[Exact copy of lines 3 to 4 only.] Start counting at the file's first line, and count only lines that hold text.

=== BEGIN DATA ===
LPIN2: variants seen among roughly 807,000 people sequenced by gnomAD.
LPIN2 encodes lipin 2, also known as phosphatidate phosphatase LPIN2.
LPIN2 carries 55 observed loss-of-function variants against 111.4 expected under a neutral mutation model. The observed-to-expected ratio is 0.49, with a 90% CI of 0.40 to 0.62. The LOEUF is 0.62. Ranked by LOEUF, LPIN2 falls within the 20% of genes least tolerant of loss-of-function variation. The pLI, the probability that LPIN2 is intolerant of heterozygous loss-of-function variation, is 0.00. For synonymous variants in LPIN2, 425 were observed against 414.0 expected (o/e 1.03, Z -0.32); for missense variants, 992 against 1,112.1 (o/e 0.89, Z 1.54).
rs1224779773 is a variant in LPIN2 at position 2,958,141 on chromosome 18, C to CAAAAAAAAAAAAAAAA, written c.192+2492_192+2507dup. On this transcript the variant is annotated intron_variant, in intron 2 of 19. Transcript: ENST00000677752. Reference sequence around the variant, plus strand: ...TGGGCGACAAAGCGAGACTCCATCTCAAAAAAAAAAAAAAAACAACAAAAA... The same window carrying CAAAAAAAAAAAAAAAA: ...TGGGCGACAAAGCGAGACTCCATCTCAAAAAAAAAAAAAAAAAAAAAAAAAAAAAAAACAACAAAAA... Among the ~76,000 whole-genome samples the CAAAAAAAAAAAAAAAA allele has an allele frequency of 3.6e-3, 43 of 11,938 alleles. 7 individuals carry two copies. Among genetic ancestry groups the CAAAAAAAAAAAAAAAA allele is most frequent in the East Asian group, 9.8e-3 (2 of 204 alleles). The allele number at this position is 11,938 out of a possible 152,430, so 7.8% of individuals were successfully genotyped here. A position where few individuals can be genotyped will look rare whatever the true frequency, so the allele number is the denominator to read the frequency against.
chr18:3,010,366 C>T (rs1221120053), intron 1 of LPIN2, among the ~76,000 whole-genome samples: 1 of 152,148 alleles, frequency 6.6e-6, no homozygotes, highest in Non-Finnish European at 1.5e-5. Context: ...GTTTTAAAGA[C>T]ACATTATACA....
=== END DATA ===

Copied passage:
LPIN2 carries 55 observed loss-of-function variants against 111.4 expected under a neutral mutation model. The observed-to-expected ratio is 0.49, with a 90% CI of 0.40 to 0.62. The LOEUF is 0.62. Ranked by LOEUF, LPIN2 falls within the 20% of genes least tolerant of loss-of-function variation. The pLI, the probability that LPIN2 is intolerant of heterozygous loss-of-function variation, is 0.00. For synonymous variants in LPIN2, 425 were observed against 414.0 expected (o/e 1.03, Z -0.32); for missense variants, 992 against 1,112.1 (o/e 0.89, Z 1.54).
rs1224779773 is a variant in LPIN2 at position 2,958,141 on chromosome 18, C to CAAAAAAAAAAAAAAAA, written c.192+2492_192+2507dup. On this transcript the variant is annotated intron_variant, in intron 2 of 19. Transcript: ENST00000677752. Reference sequence around the variant, plus strand: ...TGGGCGACAAAGCGAGACTCCATCTCAAAAAAAAAAAAAAAACAACAAAAA... The same window carrying CAAAAAAAAAAAAAAAA: ...TGGGCGACAAAGCGAGACTCCATCTCAAAAAAAAAAAAAAAAAAAAAAAAAAAAAAAACAACAAAAA... Among the ~76,000 whole-genome samples the CAAAAAAAAAAAAAAAA allele has an allele frequency of 3.6e-3, 43 of 11,938 alleles. 7 individuals carry two copies. Among genetic ancestry groups the CAAAAAAAAAAAAAAAA allele is most frequent in the East Asian group, 9.8e-3 (2 of 204 alleles). The allele number at this position is 11,938 out of a possible 152,430, so 7.8% of individuals were successfully genotyped here. A position where few individuals can be genotyped will look rare whatever the true frequency, so the allele number is the denominator to read the frequency against.